Look at what you're spending on data and airtime. "Telco services such as data and airtime are a big spending item for most people," says Doret Jooste, the chief executive of money management at FNB Retail.

Some banks offer customers who hold certain qualifying accounts free data, voice minutes and SMSes every month.

Jooste says FNB customers who have Gold cheque accounts can save on average R109 a month on airtime/data expenses by using FNB Connect.

Review your bank charges. The newer banks offer low-cost accounts that attract no monthly fee and low transaction fees. Many of the big banks have mimicked these. If you have relatively simple banking needs and you aren't wedded to your bank's loyalty programme, it may be worth switching banks or moving to a no-frills account.

Bank smarter by using digital banking channels - such as your bank's app or cellphone banking - wherever possible, especially for bank statements and making payments, which cost the earth inside a branch. Always try to avoid other banks' ATMs and even your own if you can draw cash from till points at low cost, as Capitec customers can.

FNB customers can use Shoprite and Checkers to withdraw cash while shopping, at a fraction of the cost of drawing from the bank's ATMs.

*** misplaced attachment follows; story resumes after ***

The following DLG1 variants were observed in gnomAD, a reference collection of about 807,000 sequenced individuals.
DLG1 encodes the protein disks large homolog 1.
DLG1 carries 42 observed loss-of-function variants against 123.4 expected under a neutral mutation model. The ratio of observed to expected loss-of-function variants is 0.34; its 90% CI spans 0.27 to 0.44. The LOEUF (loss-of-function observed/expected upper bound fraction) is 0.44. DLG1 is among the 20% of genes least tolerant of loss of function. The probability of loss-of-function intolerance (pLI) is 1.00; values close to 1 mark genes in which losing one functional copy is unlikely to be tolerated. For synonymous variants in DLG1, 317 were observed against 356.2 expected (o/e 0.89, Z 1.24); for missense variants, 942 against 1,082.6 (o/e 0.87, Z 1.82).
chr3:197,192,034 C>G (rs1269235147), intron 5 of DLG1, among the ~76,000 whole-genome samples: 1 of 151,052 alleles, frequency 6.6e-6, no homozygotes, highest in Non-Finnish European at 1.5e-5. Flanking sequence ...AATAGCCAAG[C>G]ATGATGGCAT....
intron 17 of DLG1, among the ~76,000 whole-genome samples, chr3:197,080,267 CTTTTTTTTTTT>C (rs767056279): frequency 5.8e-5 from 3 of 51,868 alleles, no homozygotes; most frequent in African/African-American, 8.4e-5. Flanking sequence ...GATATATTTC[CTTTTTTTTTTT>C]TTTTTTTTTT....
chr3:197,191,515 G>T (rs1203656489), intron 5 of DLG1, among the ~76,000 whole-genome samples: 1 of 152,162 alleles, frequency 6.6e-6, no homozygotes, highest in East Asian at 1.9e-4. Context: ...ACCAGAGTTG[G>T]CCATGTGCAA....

3. Review essential expenses

List all of your essential expenses and consider cheaper options. An older car could be insured for less. Do you really need to insure that old digital camera or those bicycles you no longer ride?

Life cover may be more difficult to review as when you are older cover costs more, but there may be bells and whistles on your
policy, or you may be able to cut some cover for debt you have repaid. Don't cancel medical scheme cover, but look for a cheaper
option.

Review expenses like school fees, car costs and accommodation and decide what is important to you. Could you downgrade and save without really missing private schooling, a luxury vehicle or costly home?

4. Count the cost of loyalty

Consumers love loyalty programmes, with 75% of economically active South Africans using them, according to the latest South African Loyalty Landscape white paper. Women in SA belong to, on average, five loyalty programmes, and men four.